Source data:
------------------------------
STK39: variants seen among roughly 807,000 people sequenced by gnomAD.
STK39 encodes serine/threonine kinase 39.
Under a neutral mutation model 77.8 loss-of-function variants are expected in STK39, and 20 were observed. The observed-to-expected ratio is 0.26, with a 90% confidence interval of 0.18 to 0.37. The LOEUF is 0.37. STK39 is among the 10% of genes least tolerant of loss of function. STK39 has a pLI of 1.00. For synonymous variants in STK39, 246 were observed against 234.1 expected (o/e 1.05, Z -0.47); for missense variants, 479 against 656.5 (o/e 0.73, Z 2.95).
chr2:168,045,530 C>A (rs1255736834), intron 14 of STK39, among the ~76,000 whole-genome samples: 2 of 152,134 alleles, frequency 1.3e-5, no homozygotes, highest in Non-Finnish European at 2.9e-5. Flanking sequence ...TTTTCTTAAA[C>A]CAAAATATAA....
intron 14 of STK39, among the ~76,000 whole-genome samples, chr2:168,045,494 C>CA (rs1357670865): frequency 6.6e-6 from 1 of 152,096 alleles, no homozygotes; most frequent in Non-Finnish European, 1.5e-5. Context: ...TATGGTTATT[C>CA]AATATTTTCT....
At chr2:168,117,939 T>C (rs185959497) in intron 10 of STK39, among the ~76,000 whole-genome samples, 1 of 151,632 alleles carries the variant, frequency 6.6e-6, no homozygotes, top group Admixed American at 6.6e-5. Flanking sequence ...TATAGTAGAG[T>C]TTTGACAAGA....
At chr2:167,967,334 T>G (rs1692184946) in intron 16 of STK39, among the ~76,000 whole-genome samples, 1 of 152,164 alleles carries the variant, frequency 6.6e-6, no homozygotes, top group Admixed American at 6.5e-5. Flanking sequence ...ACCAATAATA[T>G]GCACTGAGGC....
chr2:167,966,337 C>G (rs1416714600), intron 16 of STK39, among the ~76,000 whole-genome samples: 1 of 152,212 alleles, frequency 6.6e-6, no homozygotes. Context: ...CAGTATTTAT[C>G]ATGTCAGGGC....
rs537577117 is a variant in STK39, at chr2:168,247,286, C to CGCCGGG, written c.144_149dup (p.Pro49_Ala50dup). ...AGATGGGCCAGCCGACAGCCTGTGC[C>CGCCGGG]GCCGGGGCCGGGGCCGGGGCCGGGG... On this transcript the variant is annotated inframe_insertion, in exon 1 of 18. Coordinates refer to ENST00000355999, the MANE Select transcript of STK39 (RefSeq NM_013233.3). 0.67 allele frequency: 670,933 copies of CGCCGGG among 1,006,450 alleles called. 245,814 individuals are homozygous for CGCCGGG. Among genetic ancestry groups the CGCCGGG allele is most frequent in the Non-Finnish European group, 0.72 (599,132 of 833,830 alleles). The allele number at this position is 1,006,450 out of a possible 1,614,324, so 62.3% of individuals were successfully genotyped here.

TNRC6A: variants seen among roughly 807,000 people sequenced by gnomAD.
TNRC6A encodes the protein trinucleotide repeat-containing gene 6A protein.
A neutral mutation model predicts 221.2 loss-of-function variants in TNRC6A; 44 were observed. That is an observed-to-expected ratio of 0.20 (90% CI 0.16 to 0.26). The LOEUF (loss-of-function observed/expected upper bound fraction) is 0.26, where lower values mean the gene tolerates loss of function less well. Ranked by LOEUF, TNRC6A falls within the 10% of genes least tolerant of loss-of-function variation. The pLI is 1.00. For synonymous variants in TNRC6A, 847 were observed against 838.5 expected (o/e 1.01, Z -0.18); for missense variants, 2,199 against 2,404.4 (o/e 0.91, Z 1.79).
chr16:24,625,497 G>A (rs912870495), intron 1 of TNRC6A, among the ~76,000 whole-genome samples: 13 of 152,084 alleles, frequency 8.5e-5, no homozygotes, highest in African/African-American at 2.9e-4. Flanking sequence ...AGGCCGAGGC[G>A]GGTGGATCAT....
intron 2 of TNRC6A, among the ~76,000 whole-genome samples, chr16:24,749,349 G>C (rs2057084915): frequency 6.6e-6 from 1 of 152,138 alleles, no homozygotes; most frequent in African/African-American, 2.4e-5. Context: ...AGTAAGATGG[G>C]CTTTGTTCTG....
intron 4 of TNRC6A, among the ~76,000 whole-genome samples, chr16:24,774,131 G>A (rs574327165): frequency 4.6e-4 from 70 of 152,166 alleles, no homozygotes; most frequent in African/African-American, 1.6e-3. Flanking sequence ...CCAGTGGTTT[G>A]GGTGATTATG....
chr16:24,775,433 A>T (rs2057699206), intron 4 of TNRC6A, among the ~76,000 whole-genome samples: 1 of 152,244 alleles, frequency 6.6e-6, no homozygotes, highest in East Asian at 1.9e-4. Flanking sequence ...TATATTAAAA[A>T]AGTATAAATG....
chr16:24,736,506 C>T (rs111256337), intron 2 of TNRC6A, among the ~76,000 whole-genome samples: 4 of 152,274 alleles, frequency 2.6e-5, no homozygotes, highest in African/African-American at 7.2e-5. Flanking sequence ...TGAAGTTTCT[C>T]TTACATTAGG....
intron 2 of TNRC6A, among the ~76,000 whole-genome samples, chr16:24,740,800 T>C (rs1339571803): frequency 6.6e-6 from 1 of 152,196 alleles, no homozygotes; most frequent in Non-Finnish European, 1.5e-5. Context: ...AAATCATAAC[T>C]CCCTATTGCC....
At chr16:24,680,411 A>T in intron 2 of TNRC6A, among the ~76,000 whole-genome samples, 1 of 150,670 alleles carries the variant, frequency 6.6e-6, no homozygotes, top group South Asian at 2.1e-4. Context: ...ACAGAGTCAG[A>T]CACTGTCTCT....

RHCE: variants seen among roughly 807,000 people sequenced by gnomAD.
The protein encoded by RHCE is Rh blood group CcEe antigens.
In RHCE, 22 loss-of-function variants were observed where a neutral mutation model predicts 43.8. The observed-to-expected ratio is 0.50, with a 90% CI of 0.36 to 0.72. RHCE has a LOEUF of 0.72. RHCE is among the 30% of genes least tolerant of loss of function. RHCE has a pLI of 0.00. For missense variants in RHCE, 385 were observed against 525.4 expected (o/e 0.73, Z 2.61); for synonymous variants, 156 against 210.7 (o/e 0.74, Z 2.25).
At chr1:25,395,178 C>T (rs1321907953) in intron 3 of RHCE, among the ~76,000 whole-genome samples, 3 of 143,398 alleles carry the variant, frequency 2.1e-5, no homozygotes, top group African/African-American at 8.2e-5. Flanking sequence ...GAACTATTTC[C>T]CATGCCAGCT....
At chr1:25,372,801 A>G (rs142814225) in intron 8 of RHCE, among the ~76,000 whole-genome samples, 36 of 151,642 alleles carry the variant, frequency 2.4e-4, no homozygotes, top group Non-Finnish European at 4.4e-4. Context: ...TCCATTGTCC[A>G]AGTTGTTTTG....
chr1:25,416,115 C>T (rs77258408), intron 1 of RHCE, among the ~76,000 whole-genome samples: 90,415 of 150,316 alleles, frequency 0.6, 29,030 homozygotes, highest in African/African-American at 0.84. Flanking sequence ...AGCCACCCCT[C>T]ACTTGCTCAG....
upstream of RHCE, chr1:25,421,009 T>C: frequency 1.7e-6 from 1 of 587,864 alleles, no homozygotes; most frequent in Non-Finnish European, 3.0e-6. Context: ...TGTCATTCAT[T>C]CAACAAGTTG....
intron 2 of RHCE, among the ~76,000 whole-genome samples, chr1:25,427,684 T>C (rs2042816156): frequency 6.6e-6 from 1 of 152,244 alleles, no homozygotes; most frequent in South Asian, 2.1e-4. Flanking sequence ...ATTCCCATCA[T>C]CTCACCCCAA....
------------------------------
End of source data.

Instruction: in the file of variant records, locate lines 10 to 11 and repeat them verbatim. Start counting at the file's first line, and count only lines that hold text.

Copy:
TNRC6A: variants seen among roughly 807,000 people sequenced by gnomAD.
TNRC6A encodes the protein trinucleotide repeat-containing gene 6A protein.